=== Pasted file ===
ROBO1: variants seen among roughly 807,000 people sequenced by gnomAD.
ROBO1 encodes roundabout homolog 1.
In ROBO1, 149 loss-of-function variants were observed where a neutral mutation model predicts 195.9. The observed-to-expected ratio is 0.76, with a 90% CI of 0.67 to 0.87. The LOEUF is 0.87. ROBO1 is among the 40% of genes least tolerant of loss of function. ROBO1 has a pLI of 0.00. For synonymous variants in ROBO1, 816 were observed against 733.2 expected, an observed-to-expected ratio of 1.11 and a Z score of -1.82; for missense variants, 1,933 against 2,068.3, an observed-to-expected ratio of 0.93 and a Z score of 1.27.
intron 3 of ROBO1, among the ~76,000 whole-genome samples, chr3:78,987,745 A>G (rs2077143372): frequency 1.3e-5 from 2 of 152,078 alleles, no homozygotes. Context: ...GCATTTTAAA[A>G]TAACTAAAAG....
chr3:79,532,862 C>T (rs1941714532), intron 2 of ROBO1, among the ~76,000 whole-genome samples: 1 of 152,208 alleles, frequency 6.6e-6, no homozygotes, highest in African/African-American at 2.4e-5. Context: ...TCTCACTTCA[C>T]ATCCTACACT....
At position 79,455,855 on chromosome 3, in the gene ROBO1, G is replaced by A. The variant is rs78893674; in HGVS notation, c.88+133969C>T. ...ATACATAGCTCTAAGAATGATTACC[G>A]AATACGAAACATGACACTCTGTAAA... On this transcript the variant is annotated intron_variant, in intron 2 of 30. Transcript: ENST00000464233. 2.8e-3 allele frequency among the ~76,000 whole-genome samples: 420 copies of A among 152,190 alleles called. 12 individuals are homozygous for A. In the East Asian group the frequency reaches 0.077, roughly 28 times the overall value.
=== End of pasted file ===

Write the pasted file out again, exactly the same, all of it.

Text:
ROBO1: variants seen among roughly 807,000 people sequenced by gnomAD.
ROBO1 encodes roundabout homolog 1.
In ROBO1, 149 loss-of-function variants were observed where a neutral mutation model predicts 195.9. The observed-to-expected ratio is 0.76, with a 90% CI of 0.67 to 0.87. The LOEUF is 0.87. ROBO1 is among the 40% of genes least tolerant of loss of function. ROBO1 has a pLI of 0.00. For synonymous variants in ROBO1, 816 were observed against 733.2 expected, an observed-to-expected ratio of 1.11 and a Z score of -1.82; for missense variants, 1,933 against 2,068.3, an observed-to-expected ratio of 0.93 and a Z score of 1.27.
intron 3 of ROBO1, among the ~76,000 whole-genome samples, chr3:78,987,745 A>G (rs2077143372): frequency 1.3e-5 from 2 of 152,078 alleles, no homozygotes. Context: ...GCATTTTAAA[A>G]TAACTAAAAG....
chr3:79,532,862 C>T (rs1941714532), intron 2 of ROBO1, among the ~76,000 whole-genome samples: 1 of 152,208 alleles, frequency 6.6e-6, no homozygotes, highest in African/African-American at 2.4e-5. Context: ...TCTCACTTCA[C>T]ATCCTACACT....
At position 79,455,855 on chromosome 3, in the gene ROBO1, G is replaced by A. The variant is rs78893674; in HGVS notation, c.88+133969C>T. ...ATACATAGCTCTAAGAATGATTACC[G>A]AATACGAAACATGACACTCTGTAAA... On this transcript the variant is annotated intron_variant, in intron 2 of 30. Transcript: ENST00000464233. 2.8e-3 allele frequency among the ~76,000 whole-genome samples: 420 copies of A among 152,190 alleles called. 12 individuals are homozygous for A. In the East Asian group the frequency reaches 0.077, roughly 28 times the overall value.